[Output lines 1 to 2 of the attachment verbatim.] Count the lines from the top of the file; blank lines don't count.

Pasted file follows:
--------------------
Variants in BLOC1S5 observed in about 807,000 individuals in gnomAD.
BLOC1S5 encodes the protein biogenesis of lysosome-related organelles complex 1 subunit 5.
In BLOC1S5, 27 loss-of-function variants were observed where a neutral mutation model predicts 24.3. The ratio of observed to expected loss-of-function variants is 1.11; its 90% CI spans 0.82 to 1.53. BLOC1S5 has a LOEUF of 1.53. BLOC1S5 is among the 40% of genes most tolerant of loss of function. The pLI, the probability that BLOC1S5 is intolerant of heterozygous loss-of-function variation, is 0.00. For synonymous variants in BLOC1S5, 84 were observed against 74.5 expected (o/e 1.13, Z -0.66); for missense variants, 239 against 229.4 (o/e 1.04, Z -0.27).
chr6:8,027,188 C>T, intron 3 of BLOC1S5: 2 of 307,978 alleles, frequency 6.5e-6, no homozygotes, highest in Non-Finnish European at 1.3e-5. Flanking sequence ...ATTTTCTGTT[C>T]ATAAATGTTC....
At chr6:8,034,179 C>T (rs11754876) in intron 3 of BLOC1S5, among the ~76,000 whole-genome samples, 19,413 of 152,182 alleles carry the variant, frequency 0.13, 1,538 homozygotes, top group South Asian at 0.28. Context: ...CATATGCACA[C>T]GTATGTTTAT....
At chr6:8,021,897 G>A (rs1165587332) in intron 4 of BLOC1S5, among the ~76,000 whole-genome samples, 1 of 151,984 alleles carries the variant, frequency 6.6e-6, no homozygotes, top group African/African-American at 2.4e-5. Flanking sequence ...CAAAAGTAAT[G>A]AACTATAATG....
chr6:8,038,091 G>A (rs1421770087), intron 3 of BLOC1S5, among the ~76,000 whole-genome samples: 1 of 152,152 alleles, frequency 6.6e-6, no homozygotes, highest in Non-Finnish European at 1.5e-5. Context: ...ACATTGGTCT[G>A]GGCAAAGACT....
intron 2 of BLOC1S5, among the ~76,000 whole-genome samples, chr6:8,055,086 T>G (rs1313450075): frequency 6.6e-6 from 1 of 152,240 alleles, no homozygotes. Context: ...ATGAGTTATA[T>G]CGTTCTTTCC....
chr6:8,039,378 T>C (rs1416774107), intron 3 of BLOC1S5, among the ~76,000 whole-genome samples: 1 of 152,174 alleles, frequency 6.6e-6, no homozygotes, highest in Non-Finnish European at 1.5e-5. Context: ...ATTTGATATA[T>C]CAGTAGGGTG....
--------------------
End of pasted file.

Variants in BLOC1S5 observed in about 807,000 individuals in gnomAD.
BLOC1S5 encodes the protein biogenesis of lysosome-related organelles complex 1 subunit 5.